Tuesday, October 25, 2011

Cloth Diapers at Daycare

Military dependent children at this Child Development Center at
When we're talking to new cloth diapering parents at the store, one topic that comes up often is daycare.  Parents are concerned whether their daycare will accept and use the cloth diapers, or whether using cloth diapers at daycare is even legal.  If you call and ask different daycares what their policy is on cloth diapers you will get answers ranging from "We can't allow cloth diapers because of daycare licensing laws" to "We have our own cloth diapers we us on your child while they are here, so no need to bring any".  How can it be that in the same state, in the same county, that you could get two such opposite answers?  The answer is education.  Many daycare providers are just not educated about cloth diapers.  They don't know what the licensing rules are, they don't know how to use them, and they usually don't even know what modern cloth diapers look like and assume they involve pins and rubber pants.

But All Things Diapers is here to help.

First off, let's take a look at what daycare licensing has to say about diapers.
This is an excerpt from the Minnesota State Statutes, Chapter 9502 on Licensing of Day Care Facilities...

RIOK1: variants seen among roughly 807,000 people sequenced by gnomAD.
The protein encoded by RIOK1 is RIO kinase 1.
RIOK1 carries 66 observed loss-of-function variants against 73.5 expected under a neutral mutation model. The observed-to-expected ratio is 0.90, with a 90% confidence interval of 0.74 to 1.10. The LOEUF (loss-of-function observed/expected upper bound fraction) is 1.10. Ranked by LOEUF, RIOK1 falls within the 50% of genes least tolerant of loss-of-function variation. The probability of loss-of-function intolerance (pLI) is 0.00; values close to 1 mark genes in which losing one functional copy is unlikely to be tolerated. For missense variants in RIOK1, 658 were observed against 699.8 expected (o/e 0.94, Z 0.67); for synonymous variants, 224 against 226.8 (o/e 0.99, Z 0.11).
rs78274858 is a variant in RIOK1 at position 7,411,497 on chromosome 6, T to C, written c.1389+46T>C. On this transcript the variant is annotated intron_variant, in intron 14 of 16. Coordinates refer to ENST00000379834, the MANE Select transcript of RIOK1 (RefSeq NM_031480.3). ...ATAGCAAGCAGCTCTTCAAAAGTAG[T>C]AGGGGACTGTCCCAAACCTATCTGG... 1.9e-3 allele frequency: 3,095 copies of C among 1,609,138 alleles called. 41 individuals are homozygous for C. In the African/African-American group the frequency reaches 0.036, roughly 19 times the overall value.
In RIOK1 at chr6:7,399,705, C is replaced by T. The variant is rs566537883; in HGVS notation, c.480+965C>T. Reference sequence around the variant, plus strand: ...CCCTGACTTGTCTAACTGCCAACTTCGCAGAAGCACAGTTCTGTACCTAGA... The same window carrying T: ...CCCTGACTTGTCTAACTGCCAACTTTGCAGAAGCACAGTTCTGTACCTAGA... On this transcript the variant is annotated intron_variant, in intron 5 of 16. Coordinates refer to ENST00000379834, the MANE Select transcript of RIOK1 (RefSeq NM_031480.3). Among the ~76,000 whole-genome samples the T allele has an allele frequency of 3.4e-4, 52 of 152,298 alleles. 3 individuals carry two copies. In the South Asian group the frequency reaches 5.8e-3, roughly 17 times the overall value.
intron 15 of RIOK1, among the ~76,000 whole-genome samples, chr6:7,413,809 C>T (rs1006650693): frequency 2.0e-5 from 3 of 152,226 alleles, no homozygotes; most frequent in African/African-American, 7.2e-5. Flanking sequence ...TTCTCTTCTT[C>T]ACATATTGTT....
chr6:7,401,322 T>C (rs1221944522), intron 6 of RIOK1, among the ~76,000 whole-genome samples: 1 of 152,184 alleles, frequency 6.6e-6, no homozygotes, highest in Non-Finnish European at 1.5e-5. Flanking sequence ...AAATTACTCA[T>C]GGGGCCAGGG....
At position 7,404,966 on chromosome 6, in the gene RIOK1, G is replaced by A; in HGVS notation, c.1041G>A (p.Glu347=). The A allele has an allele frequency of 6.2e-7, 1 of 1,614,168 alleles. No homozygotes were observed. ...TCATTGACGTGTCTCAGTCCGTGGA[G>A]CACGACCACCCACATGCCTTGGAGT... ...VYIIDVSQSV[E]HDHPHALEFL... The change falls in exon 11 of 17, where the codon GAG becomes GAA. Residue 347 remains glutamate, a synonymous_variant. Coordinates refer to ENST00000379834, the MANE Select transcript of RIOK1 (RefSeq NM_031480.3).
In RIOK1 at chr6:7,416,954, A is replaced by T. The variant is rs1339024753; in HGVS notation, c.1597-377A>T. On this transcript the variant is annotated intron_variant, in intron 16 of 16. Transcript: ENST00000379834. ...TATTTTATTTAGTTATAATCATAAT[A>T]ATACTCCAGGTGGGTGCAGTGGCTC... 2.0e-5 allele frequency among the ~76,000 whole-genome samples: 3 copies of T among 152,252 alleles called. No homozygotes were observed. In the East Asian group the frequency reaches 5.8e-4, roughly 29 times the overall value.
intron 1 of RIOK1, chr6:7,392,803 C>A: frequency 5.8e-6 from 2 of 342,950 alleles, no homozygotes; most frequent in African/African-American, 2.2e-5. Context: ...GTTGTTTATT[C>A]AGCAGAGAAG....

Subp. 13. Diapers. Children in diapers shall be kept clean and dry. The following sanitary procedures must be used to reduce the spread of communicable disease.

A. An adequate supply of clean diapers must be available for each child and stored in a clean place inaccessible to children. If cloth diapers are used, parents must provide a change of the outer plastic pants for each fecally soiled diaper change. Cloth diapers, except those supplied by a commercial diaper service, and plastic pants, if supplied by parents, must be labeled with the child's name.

B. Diapers and clothing must be changed when wet or soiled.

C. For disposable diapers, a covered diaper disposal container must be located in the diaper changing area and lined with a disposable plastic bag. The container must be emptied when full, and at least daily.